White Sox

On Tim Wakefield, Charlie Haeger and the knuckleball

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On Tim Wakefield, Charlie Haeger and the knuckleball

If you haven't read Joe Posnanski's fantastic piece on the knuckleball, do so immediately.

The knuckleball is a beautiful pitch. As Posnanski writes, "It is the only thing in sports I know of that is a constant surprise not only to the opponent or the fans, but also to the person who is actually initiating it." Every athlete, at least those who throw or shoot objects, knows what will happen if he or she executes their motion perfectly. A knuckleballer hopes.

Nobody goes out for a casual catch with their father or friend and says "let's throw a few split-finger fastballs." You toss a ball around all while messing with a knuckleball grip in the hopes of miraculously discovering the right way to throw it. Usually, the ball has just enough cruel rotation on it so that it doesn't work.

But when you get a knuckleball right, it's like you just won the lottery. Only instead of getting money, the little white orb you just threw doesn't have any spin. It dances, it dives, it does seemingly whatever it wants.

With Tim Wakefield announcing his retirement, though, there doesn't appear to be a true knuckleballer coming through the ranks. There doesn't appear to be the next Charlie Hough, Tim Wakefield or Niekro ready to break through. Sure, R.A. Dickey throws one, but he only began to use a knuckleball when his regular stuff -- which was good enough for him to make the majors -- failed him.

Six years ago, Charlie Haeger was a young knuckleballer who had worked his way to the top level of the White Sox farm system. He was drafted in the 25th round by the Sox out of high school in 2001, back when his 90 mph fastball was good enough to get him picked. He left baseball for a year in 2003 to play golf, but before he did, he started messing around with a knuckleball.

In 2004, he was back in the White Sox organization as a knuckleballer. By 2005, he had reached Double-A Birmingham, where he threw two shutouts. In 2006, he posted a 3.07 ERA with Triple-A Charlotte and made his big-league debut. In the majors, Haeger posted a 3.44 ERA in 18 13 innings.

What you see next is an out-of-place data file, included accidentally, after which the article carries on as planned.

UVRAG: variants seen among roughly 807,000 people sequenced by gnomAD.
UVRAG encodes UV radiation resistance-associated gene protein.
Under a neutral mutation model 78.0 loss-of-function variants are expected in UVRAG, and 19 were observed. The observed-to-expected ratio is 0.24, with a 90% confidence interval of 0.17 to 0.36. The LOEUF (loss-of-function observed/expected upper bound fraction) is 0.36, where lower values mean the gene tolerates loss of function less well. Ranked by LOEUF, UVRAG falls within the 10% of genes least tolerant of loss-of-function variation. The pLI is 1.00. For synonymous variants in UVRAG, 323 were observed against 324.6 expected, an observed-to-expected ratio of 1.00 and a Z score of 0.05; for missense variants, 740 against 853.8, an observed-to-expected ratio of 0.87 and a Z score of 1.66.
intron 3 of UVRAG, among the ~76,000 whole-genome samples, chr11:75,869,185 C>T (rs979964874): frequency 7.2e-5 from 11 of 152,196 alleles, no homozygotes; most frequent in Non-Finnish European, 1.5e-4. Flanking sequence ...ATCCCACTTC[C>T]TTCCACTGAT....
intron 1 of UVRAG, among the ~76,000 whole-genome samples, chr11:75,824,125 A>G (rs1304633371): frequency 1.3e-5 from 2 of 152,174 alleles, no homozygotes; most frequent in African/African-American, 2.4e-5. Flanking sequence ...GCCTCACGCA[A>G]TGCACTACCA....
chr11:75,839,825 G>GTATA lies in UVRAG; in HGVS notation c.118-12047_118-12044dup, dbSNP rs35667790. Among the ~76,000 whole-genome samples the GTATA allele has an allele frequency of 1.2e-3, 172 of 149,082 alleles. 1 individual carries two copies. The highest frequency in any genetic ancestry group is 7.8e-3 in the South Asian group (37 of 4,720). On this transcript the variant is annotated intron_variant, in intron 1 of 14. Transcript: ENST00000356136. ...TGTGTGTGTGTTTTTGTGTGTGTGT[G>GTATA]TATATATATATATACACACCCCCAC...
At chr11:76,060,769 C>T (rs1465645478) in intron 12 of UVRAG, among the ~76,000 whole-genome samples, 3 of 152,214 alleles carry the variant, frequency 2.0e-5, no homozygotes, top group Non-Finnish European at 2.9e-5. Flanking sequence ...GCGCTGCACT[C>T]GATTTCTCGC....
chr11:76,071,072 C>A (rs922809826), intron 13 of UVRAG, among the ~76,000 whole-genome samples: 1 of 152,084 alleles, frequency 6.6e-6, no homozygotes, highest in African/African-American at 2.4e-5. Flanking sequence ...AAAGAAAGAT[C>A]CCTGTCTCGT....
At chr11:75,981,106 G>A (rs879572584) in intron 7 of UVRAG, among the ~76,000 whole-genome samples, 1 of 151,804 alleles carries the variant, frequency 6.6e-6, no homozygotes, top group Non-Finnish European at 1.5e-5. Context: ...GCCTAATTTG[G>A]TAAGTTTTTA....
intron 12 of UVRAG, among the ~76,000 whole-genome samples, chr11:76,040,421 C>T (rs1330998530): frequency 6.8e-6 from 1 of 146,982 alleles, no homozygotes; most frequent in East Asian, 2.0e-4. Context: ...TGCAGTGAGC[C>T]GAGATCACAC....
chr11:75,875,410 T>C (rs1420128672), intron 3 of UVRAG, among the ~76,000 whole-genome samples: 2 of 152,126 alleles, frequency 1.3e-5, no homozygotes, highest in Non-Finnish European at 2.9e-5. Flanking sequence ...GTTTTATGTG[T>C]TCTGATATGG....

But Haeger, who spent plenty of time working on his knuckleball with Hough, never was able to find the touch with his knuckeball in the majors. After allowing 11 runs (nine earned) in 11 13 innings with the 2007 White Sox, Haeger landed in San Diego, where he allowed 10 runs (eight earned) in 4 23 innings.

Haeger had some stabs of success with the Dodgers in 2009 and 2010, but never was a serious threat to stay in the majors. His first two games with Los Angeles in 2009 went great, as Haeger allowed three runs in 14 innings with nine strikeouts and four walks. But he was lit up by the Reds in his next start and was booted from the starting rotation.

He began 2010 by striking out 12 Marlins in six innings, but was shuffled between the bullpen and rotation after that before being sent down to the minors for good in late June. Haeger was released and spent 2011 with Seattle's Triple-A and Boston's Double-A affiliates, marking the first time since 2005 he didn't throw a pitch in the major leagues.

Haeger's future is uncertain -- I can't find out if he's still with Boston, some other team or is a minor league free agent.

But hopefully he keeps on fighting the good fight, armed with a 70 mile-per-hour pitch and a prayer as to where it's going. Because, to steal a line from Theo Epstein, baseball is better with the knuckleball.

SportsTalk Live Podcast: Rick Hahn gives an update on the state of the White Sox rebuild

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USA TODAY

SportsTalk Live Podcast: Rick Hahn gives an update on the state of the White Sox rebuild

In this episode of the SportsTalk Live Podcast, Danny Parkins (670 The Score), Chris Bleck (ESPN 1000) and Scott King (WGN Radio) join David Kaplan on the panel.

Ryan Pace’s offseason begins. Josh Sitton and Jerrell Freeman are gone, but what will he do with Kyle Fuller?

Plus, Rick Hahn joins Kap from Glendale, Ariz., to discuss the state of the White Sox rebuild, how tough it is to keep their best prospects in the minors and why Jose Abreu is so important for his young team?

Listen to the full episode at this link or in the embedded player below:

White Sox Talk Podcast on The Three Amigos: Jimenez, Robert and Adolfo

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USA TODAY

White Sox Talk Podcast on The Three Amigos: Jimenez, Robert and Adolfo

The White Sox three outfield prospects are creating a lot of buzz at spring training.

On this edition of the podcast, Micker Adolfo tells Chuck Garfien about a conversation they all had about one day becoming the starting outfield for the White Sox. Adolfo talks about his longtime friendship with Eloy Jimenez, his impressions of Luis Robert, Luis Basabe and the White Sox future.

But first, it's a conversation with MLB.com's Jesse Sanchez who has great insight on many of the White Sox players: Jimenez, Robert, Yoan Moncada and Jose Abreu. He tells an amazing story about why Jimenez decided to sign with the Cubs when he was a teenager, how much Abreu is revered in Cuba and much more.

Listen to the full episode at this link (iOS users can go here) or in the embedded player below. Subscribe to the podcast on Apple Podcasts.